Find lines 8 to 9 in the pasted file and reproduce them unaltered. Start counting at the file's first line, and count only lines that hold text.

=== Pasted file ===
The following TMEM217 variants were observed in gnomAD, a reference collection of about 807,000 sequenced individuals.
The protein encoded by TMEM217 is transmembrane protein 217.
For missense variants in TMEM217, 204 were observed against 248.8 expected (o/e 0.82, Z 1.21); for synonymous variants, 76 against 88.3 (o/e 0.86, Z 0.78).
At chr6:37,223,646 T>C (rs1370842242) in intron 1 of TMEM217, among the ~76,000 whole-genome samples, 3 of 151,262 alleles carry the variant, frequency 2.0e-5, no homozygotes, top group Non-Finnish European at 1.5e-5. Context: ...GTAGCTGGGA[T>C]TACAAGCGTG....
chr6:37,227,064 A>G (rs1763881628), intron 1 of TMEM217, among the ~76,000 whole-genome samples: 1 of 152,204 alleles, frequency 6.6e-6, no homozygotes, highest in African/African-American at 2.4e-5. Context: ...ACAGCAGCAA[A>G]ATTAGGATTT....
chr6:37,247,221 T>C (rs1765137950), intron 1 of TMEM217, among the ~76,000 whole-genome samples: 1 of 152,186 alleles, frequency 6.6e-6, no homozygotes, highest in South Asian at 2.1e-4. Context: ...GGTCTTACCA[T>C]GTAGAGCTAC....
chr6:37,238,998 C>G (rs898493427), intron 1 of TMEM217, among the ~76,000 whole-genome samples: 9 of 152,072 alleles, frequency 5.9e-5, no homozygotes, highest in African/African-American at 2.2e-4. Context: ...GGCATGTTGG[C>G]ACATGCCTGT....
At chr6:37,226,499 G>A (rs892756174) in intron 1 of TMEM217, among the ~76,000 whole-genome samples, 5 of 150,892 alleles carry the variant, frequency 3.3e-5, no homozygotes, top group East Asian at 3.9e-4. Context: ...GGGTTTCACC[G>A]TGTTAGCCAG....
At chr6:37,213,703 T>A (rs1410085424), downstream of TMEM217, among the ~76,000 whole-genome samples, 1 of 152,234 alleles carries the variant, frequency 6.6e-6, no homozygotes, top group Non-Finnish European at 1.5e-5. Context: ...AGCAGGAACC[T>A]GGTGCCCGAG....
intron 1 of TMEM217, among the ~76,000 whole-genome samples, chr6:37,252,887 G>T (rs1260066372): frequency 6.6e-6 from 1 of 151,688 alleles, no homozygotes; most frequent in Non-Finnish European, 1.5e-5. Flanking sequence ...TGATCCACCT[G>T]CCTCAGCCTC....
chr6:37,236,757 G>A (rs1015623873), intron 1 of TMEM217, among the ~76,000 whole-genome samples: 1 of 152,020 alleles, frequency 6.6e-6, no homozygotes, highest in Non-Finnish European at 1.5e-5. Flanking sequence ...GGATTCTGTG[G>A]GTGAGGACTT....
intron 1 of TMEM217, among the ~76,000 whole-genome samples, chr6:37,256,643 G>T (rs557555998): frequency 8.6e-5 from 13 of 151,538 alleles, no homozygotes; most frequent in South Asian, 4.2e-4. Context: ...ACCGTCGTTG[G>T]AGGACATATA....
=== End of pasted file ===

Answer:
At chr6:37,226,499 G>A (rs892756174) in intron 1 of TMEM217, among the ~76,000 whole-genome samples, 5 of 150,892 alleles carry the variant, frequency 3.3e-5, no homozygotes, top group East Asian at 3.9e-4. Context: ...GGGTTTCACC[G>A]TGTTAGCCAG....
At chr6:37,213,703 T>A (rs1410085424), downstream of TMEM217, among the ~76,000 whole-genome samples, 1 of 152,234 alleles carries the variant, frequency 6.6e-6, no homozygotes, top group Non-Finnish European at 1.5e-5. Context: ...AGCAGGAACC[T>A]GGTGCCCGAG....